(Reuters) - Canadian rookie Mackenzie Hughes overcame a back nine triple-bogey with a trio of birdies for a 68 on Saturday that gave him a one-stroke lead heading to the final round of the RSM Classic in St Simons Island, Georgia.

Hughes recovered with birdies on the 13th, 15th and 16th holes to reach 16-under at the par-70 Seaside Course and push past fellow rookie Pan Cheng-Tsung of Taiwan (67) and veterans Camilo Villegas (64) and Billy Horschel (65).

The 25-year-old Canadian, who has led since his opening round 61, was three ahead of the field when he floundered in a fairway bunker on the par-four 11th.

Hughes, facing a nasty lie, failed to get out of the sand and came out weakly with his next shot. His approach left him some 60 feet from the cup and he three-putted for seven.

"I was like, `This hole is never going to end,'" the 25-year-old told reporters. "It finally did, and it worked out all right."

Pan temporarily assumed the lead with a pair of birdies as Hughes triple-bogeyed, but dropped a shot with a bogey at 13 after a poor tee shot.

Villegas made a rousing finish on a breezy day with four birdies in a row for 64, finding himself in a four-way tie for the lead before Hughes' birdie at 16.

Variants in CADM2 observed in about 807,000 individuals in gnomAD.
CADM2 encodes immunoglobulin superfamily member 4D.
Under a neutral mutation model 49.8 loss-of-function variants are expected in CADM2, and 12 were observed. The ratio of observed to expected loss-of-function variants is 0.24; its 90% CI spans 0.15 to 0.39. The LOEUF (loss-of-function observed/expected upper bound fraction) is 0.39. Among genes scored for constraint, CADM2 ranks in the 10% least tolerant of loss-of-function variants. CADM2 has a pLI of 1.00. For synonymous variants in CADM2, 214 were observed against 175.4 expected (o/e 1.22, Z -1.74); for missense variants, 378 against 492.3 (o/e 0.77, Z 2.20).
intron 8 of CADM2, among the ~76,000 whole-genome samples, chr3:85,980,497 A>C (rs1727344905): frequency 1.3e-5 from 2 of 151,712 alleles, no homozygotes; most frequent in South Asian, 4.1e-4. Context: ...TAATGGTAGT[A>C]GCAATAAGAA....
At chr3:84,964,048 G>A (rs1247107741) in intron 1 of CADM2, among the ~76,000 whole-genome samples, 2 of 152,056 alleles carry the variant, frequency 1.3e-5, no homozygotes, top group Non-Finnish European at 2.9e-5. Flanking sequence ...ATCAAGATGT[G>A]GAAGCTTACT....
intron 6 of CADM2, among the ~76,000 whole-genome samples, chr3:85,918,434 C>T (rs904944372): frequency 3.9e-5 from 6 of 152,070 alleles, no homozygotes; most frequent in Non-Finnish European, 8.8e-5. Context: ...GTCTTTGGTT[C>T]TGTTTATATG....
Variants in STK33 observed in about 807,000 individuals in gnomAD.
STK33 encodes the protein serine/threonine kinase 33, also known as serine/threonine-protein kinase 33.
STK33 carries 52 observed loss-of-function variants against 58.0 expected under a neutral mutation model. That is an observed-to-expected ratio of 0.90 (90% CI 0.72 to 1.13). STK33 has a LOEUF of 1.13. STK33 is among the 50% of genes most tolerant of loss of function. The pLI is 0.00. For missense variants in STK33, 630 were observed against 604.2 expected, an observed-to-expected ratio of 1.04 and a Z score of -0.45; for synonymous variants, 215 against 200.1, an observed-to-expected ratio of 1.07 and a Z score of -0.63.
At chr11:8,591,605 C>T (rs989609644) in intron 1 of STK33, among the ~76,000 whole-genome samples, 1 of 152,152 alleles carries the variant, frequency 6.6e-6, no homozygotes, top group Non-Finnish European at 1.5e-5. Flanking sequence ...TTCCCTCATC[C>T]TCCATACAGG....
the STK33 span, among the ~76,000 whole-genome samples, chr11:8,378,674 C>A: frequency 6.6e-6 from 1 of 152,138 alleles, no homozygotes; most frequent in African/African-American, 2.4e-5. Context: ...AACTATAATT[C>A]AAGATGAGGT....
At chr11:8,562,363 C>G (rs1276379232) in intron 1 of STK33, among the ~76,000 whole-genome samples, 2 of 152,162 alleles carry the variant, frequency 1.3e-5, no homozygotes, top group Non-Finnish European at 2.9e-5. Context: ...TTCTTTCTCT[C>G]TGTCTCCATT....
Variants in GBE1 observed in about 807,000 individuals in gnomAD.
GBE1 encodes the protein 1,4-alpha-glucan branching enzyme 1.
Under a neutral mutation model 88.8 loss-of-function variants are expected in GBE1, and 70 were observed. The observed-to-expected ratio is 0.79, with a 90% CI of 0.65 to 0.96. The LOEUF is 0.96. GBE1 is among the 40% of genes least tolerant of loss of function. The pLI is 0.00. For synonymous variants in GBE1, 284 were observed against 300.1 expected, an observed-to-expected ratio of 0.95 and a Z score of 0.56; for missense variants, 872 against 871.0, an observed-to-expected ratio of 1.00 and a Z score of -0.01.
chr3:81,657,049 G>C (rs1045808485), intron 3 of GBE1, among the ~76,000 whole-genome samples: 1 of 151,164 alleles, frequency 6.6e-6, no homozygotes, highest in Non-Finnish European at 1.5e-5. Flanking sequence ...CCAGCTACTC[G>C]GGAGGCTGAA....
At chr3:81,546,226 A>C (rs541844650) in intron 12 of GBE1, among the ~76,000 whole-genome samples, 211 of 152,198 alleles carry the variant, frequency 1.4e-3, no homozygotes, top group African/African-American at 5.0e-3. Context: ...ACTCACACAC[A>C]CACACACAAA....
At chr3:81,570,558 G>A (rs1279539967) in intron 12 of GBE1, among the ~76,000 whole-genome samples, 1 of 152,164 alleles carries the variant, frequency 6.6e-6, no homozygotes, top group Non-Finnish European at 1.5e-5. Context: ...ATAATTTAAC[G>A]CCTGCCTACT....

"It was playing a little tougher out there with the wind, but the putter got hot," said the Colombian, who overcame a double bogey at the third. "I made pretty much everything."

Horschel, who like Villegas attended the University of Florida, shot a bogey-free 65 and celebrated his round and a football win by the Gators with a leap of joy on the 18th green.

"I'm hitting the ball really good, the best I have in 18 months," said Horschel, who has not won since claiming the FedExCup title with a Tour Championship victory two years ago.

"I was able to control my golf shots," said Horschel, who could not contain himself after word of Florida's 16-10 win over Louisiana State University was relayed to him.

"Big win over LSU today," he said. "Nice to stick it to LSU fans."

(Writing by Larry Fine in New York; Editing by Peter Rutherford)